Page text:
Introducing the Universal Cloud Threat Model

Monday, April 22, 2024   Chris Farris   CloudSecurity WhitePapers
Falling Water, Pennsylvania - September 2023

As part of building, I realized that it doesn’t matter who you are. We all share 90% of the same threat to our cloud environments. Some of us are larger targets, but we all share the same network and control plane.

The basics are the basics—mishandled credentials and stuff that’s left on the Internet. Really, putting a machine that can access credentials unprotected on the Internet is just mishandling credentials.

As part of our talk at RSAC, Rich Mogull of Securosis and I developed the Universal Cloud Threat Model.

The Universal Cloud Threat Model applies to any organization operating in the public cloud, regardless of industry and the cloud provider(s) they operate on. The UCTM was designed as a cloud-centric update to traditional threat modeling. Standard threat models such as STRIDE are excellent but do not account for the different operating models of cloud computing. It identifies the commonalities all organizations face equally based on cloud usage. We call these the “90% of attacks experienced by 90% of organizations using the cloud.”

The UCTM can be summarized as:

Threat Actors have Objectives against Targets using Attack Vectors
which are observed by defenders as Attack Sequences.

Threat actors range from nation-states to cyber-syndicates to Rich’s cat1. The objectives are money, with the occasional bit of nation-state strategic advantage. The targets get more interesting. It boils down to data, compute, and networking, but the actor and objective determine which parts they want.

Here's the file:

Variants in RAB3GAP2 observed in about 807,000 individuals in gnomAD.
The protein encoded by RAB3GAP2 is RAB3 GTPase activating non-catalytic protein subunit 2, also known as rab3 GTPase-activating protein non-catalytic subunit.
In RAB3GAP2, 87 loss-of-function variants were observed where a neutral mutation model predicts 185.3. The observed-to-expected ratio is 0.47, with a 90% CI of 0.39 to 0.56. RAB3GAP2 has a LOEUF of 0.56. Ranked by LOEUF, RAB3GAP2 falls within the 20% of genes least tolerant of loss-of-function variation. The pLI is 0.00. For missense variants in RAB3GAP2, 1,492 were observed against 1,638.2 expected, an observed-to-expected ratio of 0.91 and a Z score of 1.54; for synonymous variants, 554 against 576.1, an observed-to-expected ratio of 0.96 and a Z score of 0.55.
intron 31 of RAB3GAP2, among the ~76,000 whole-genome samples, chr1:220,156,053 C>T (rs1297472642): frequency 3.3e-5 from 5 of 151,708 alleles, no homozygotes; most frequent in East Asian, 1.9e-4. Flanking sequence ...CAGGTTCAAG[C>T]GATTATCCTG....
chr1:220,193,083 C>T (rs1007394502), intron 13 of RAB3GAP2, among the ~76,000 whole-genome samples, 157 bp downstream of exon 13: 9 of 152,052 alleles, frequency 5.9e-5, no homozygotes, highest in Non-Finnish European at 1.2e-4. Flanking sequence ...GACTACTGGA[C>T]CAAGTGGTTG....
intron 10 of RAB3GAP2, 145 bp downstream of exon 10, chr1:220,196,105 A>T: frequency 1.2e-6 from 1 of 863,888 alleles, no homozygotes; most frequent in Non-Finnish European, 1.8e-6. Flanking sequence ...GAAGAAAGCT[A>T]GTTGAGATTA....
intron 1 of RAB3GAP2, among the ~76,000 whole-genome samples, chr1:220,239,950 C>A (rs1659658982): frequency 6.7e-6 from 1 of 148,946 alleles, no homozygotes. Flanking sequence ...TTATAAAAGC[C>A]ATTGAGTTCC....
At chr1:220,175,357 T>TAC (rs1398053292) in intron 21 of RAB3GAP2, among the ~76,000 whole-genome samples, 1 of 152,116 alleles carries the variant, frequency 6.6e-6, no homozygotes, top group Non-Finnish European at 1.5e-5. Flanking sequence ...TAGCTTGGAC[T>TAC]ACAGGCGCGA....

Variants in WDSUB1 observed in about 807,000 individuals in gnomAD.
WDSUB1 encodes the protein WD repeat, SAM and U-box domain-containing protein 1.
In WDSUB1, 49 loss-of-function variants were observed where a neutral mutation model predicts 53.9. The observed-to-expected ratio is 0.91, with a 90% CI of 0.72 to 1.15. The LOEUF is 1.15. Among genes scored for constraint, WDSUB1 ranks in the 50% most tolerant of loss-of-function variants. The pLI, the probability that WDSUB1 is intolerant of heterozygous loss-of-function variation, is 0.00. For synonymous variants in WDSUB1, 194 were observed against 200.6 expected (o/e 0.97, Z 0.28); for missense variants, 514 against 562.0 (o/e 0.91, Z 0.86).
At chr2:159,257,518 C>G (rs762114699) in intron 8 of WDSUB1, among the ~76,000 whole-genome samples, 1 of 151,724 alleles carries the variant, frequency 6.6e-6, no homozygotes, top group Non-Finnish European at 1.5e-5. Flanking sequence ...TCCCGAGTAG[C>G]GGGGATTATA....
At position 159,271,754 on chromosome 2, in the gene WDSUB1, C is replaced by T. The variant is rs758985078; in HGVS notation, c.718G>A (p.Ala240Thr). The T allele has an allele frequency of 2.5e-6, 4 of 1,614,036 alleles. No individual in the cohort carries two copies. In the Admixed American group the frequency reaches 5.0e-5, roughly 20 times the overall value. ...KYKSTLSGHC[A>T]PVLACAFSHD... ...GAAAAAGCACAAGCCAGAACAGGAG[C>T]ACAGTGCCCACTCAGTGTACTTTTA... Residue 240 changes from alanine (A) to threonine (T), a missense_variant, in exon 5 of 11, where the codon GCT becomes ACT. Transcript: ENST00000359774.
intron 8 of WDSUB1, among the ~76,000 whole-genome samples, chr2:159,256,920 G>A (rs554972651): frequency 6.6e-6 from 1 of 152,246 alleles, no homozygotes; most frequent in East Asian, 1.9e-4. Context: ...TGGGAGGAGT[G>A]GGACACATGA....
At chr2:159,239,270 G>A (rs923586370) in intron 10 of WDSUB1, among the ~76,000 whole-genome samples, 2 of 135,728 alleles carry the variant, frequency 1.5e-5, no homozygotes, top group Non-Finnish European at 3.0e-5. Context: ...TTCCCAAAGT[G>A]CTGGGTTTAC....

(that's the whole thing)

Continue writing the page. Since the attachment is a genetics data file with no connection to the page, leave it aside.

Attack Vectors are where the real action is. They boil down to these top seven:

  1. Lost, stolen, or exposed credentials
  2. Publicly exposed resources
  3. Credentials exposed via application security flaws
  4. Unpatched vulnerabilities and zero-days in overly exposed systems
  5. Denial of Service attacks
  6. Subdomain takeover
  7. Supply chain compromise

The mitigations and compensating controls are well-known:

  • Rotate long-term keys to reduce exposure time, avoid IAM Users, and maintain the quest for least privilege.
  • MFA, MFA, MFA!
  • Apply Service Control policies to prevent things that should never be allowed to happen.
  • Monitor the network perimeter. Don’t allow security groups to expose things to the internet.
    • And for the love of god, stop giving databases public IPs. Buy TailScale and spin up a t4g.nano.
  • Look at Data Perimeters. If the attacker can’t use the credentials and they make lots of noise when they do, you can respond to credential compromise.
  • Maintain good cloud hygiene. Delete un-needed resources, all of them (looking at you Route53 Record Sets) when no longer needed.

Most companies don’t have the resources to engage in extensive cloud threat modeling, and if they do, it should be on their applications and things specific to them. This Universal Cloud Threat Model is our gift to the overworked and underappreciated cloud defenders out there.

  1. An Inside joke that has perpetuated through all drafts of the whitepaper and presentation at RSAC. ↩︎